Managing the poultry industry’s most damaging pest.

The Lesser Mealworm Beetle is the most damaging pest to the poultry industry. It is the most common beetle found in broiler litter. These insects are a vector for a variety of poultry diseases, including Marek’s disease, are intermediate hosts for parasites, can transmit bacterial diseases such as Salmonella spp., and the larvae can cause significant and costly damage to poultry housing. There can also be human health risks associated with close contact and exposure to these beetles.

Poultry have difficulty digesting the beetle and larva. If eaten they are put at risk of ingesting harmful organisms, run the risk of intestinal obstruction and gut lesions and it will detrimentally affect their food conversion rate. Chicks are more likely to be infected by eating the larvae and it can lead to death in younger, weakly chicks.

The Lesser Mealworm is reddish brown is colour with a wide oval shape and is roughly 6 millimetres in length. The beetle is mainly nocturnal and thrives in warm, humid environments thus poultry litter is the ideal habitat for them. They feed on the litter as well as mould and feathers. They can also infest and consume dying birds, especially chicks.  The female, which can have a two year life span, can produce up to 2000 eggs in a year and within as little as one week these larvae emerge. The larvae are quite active and mobile and can mature in approximately 40 days in the right environment.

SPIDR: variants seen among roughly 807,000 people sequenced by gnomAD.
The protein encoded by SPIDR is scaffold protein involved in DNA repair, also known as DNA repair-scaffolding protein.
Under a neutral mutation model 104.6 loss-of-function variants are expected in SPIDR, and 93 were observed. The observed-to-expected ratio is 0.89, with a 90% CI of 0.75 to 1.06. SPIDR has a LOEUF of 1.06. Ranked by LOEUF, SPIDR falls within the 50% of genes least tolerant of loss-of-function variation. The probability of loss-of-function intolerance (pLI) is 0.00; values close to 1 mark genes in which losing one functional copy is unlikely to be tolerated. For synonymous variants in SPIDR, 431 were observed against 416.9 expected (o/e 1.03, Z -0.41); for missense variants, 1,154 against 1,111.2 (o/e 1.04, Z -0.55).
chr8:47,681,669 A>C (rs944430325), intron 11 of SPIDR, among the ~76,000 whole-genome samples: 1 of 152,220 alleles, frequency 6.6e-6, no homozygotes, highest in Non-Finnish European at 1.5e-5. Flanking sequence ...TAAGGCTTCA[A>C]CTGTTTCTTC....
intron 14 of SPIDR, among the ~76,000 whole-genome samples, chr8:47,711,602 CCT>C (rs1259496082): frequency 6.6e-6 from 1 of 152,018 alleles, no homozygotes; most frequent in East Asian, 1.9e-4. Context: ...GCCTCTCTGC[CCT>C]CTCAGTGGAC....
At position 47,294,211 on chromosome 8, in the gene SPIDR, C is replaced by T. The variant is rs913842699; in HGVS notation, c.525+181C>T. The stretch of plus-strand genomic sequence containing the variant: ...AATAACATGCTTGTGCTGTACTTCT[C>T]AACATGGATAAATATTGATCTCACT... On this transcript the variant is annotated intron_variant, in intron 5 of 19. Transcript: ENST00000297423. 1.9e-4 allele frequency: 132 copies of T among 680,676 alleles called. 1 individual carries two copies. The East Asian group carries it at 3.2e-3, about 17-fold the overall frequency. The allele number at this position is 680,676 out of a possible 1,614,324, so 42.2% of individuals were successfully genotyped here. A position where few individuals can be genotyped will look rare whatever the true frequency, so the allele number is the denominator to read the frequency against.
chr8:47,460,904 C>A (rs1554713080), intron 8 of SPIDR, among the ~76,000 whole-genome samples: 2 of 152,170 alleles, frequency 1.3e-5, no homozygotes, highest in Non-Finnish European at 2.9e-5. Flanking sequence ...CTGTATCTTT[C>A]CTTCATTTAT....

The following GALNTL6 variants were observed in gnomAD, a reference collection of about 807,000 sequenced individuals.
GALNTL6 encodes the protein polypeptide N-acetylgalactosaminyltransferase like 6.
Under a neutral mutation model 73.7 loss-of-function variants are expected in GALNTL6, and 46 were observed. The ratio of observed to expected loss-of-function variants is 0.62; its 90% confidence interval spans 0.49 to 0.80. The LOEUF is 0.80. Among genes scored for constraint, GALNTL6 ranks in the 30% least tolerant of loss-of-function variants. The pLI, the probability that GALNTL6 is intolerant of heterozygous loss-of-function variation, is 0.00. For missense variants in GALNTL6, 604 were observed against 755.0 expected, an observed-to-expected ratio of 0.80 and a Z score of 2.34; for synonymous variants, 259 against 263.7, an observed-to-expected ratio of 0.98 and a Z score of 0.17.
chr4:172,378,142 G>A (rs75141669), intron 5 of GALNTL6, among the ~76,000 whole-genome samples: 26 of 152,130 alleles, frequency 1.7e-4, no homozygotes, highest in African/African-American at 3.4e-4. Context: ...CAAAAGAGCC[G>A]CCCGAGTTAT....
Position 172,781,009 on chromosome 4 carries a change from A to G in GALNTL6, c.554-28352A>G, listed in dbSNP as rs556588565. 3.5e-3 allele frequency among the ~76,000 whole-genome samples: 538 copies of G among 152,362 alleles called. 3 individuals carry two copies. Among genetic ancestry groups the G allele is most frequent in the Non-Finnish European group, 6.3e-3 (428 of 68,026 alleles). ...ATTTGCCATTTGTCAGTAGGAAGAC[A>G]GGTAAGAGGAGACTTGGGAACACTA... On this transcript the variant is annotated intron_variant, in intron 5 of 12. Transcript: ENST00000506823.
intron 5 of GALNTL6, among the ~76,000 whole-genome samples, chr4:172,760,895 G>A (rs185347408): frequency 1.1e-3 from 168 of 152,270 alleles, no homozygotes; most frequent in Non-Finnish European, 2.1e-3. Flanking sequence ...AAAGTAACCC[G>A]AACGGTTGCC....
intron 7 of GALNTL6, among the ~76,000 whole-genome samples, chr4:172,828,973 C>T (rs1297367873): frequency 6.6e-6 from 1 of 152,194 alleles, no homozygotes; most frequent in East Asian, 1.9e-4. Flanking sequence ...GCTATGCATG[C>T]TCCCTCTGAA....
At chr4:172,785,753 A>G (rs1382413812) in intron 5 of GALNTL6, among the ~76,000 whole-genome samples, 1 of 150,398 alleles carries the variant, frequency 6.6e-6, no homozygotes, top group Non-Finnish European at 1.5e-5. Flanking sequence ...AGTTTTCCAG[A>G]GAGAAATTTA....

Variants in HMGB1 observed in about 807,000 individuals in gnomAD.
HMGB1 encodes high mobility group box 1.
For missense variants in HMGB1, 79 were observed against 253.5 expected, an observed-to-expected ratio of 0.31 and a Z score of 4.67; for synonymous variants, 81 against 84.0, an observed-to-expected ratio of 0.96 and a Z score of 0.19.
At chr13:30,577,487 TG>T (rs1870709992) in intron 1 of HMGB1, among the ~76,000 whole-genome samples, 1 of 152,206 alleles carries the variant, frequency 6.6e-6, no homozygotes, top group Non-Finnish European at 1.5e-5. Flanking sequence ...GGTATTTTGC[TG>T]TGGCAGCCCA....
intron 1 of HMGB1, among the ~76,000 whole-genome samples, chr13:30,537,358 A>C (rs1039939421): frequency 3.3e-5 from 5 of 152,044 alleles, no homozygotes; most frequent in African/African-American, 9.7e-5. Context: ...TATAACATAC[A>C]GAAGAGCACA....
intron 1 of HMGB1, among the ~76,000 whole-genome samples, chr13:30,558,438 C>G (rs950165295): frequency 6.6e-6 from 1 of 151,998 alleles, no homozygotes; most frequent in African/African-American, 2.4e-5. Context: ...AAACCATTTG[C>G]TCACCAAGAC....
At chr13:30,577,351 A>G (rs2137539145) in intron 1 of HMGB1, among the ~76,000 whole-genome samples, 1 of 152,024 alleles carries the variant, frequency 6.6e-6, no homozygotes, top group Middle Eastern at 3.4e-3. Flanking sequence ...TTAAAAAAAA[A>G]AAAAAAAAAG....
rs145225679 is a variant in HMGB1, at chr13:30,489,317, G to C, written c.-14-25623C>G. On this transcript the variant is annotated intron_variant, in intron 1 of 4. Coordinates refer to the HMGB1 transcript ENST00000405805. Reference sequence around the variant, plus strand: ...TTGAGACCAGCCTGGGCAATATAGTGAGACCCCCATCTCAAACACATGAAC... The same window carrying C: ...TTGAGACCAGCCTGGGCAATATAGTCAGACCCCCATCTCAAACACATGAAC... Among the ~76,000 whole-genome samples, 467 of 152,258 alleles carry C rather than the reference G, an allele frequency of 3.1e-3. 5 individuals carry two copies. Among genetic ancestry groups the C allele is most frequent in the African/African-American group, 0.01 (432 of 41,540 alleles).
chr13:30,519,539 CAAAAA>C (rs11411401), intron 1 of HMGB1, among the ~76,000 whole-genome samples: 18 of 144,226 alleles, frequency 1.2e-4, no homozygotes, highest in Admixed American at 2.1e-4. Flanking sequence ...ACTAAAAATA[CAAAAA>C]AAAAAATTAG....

Regular removal of manure and litter from poultry houses will help to control the beetle. Care should be taken with disposal of litter to prevent further spread of the infestation. It can be difficult to monitor and assess the extent of the infestation as adult and larvae make themselves inaccessible by burrowing and also by being nocturnal. Care should be taken to ensure that any infested food is not taken into housing. Physical barriers such as metal proofing structures can restrict the migrating of larva to pupation sites within the fabric of the building or using larvae resistant insulation material. Before repopulating houses cooling to sub-zero temperatures for a number of days will help control residual populations. There are a number of insecticides which can be used in the control of the Lesser Mealworm. It is advisable to consult your veterinary consultant on these products and work out a management system that works best for your situation.

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